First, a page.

The still unfolding pandemic has underlined the public health risks that national parks and refuges pose both to the visiting public and their own employees. Over the past few weeks, more than 140 park units have shuttered with more closing every day.
For the very same reason they are now closing – the danger of infections and the inability to maintain social distancing – reopening them will not be as simple as unlocking the gates.
In a time of growing urbanization, national parks are crowd magnets, shattering visitation records in each of the past three years.
Yet, the era of social distancing has just begun, as experts predict several more rounds of coronavirus waves. In fact, unless dispositive interventions such as vaccines and drug therapies can be put into place very soon, it may be necessary for intermittent social distancing measures to be maintained into 2022.
In addition, globalization raises the risks of other exotic infections growing into future pandemics, triggering new rounds of social distancing.
How can national parks dedicated to attracting crowds can operate in a new era of social distancing?
Even more fundamental is the question of whether national parks have become addicted to overcrowding, even as many observers, including former Interior Secretary Ryan Zinke, admit that parks are being “loved to death.”
Ironically, for more than 40 years, national parks by law have been under a mandate to prevent harmful overcrowding. The National Parks and Recreation Act of 1978 requires “visitor carrying capacities for all areas” of each park unit.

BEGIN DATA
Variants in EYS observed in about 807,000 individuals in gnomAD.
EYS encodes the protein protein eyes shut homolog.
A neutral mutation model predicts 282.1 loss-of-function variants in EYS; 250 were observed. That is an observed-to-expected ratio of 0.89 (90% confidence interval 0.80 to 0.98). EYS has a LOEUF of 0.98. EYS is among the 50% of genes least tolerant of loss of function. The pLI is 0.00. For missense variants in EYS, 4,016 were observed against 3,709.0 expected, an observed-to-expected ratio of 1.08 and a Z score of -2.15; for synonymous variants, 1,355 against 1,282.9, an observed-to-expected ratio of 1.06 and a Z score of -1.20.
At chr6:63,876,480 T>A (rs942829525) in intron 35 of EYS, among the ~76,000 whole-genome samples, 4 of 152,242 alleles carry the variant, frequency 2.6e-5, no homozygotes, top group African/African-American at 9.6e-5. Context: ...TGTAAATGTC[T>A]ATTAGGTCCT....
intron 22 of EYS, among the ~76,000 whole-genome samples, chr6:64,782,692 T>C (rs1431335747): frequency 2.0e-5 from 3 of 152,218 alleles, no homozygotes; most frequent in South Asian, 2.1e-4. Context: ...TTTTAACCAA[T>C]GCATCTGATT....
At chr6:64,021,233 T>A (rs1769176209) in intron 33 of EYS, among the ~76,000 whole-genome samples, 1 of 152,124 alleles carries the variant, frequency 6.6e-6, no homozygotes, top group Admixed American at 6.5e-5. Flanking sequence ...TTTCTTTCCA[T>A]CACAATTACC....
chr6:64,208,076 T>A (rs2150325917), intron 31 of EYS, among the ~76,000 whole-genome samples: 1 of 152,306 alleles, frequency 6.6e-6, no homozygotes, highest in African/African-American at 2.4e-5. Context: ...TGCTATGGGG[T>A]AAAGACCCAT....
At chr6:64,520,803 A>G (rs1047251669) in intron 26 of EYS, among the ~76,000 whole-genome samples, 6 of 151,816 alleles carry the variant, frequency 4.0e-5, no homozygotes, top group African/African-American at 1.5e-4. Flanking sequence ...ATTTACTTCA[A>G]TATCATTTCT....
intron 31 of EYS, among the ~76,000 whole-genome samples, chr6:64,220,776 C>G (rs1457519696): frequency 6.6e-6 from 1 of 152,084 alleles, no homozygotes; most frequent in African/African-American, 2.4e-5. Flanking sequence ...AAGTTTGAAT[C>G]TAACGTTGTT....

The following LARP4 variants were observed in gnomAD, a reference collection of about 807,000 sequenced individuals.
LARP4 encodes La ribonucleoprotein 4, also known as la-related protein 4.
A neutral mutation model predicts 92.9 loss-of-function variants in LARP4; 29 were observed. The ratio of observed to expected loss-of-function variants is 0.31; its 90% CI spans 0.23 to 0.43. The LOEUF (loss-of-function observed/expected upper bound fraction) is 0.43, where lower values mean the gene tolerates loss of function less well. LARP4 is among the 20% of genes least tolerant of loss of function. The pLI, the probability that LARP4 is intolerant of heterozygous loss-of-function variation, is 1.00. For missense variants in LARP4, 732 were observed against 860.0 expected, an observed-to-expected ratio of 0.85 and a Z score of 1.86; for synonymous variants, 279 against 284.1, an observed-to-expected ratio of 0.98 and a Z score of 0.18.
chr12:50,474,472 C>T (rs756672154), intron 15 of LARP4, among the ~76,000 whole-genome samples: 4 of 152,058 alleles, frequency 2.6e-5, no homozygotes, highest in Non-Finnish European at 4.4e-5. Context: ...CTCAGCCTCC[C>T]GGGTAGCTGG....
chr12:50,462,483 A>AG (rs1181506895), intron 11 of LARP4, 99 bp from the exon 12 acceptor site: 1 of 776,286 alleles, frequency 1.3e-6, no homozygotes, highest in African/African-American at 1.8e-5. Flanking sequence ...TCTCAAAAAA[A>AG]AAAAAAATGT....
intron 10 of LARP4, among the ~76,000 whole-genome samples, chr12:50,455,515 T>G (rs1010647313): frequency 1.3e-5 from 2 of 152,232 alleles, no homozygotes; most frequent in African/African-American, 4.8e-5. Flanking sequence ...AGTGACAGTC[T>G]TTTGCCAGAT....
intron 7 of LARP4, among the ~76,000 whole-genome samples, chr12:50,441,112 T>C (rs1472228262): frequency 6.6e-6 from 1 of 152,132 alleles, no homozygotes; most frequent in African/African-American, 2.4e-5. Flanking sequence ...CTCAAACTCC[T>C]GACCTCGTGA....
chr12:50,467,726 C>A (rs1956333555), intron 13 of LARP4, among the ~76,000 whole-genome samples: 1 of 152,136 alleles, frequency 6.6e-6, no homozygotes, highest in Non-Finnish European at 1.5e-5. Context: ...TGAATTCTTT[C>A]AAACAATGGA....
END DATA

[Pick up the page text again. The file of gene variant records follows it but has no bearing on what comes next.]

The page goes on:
Yet, almost no major national parks have carrying capacities. A review by PEER of 108 major park units (59 National Parks, 19 National Preserves, two National Reserves, 18 National Recreation Areas, and 10 National Seashores in the 419-unit system) found that only seven have established carrying capacities and all but one of those only cover only certain areas or facilities.
In fact, parks paralyzed by overcrowding are equally paralyzed by politics. A good example is Zion, one of the parks most beset by stifling crowds, which proposed timid first steps toward setting carrying capacities. But Zion has been unable to move forward due to stiff political pushback and zero support from the Trump administration.
In our new post-pandemic world, national parks need to take a new, hard look at the statutory requirement for carrying capacities. As long-ignored National Park Service policy explains carrying capacities are not merely a hard limit on the number of visitors but are standards for –
- Preventing unacceptable overcrowding, such as caps on waiting times to see a park feature;
- Maximum number of encounters on trails; or
- The ability to camp out of sight or sound range of neighbors.
These concepts take on new resonance in a time of social distancing.
Our parks can no longer be managed only for their Organic Act core mandate of preventing impairment of park resources for the enjoyment of present and future generations. Parks today also need to be managed to protect the health of visitors and staff.
Meeting this new and unprecedented challenge will require both a new national conversation and a strength of leadership we have unfortunately not seen in our national park system for a generation.
Jeff Ruch is the Director of PEER’s Pacific office, having formerly served 25 years as the Executive Director of PEER.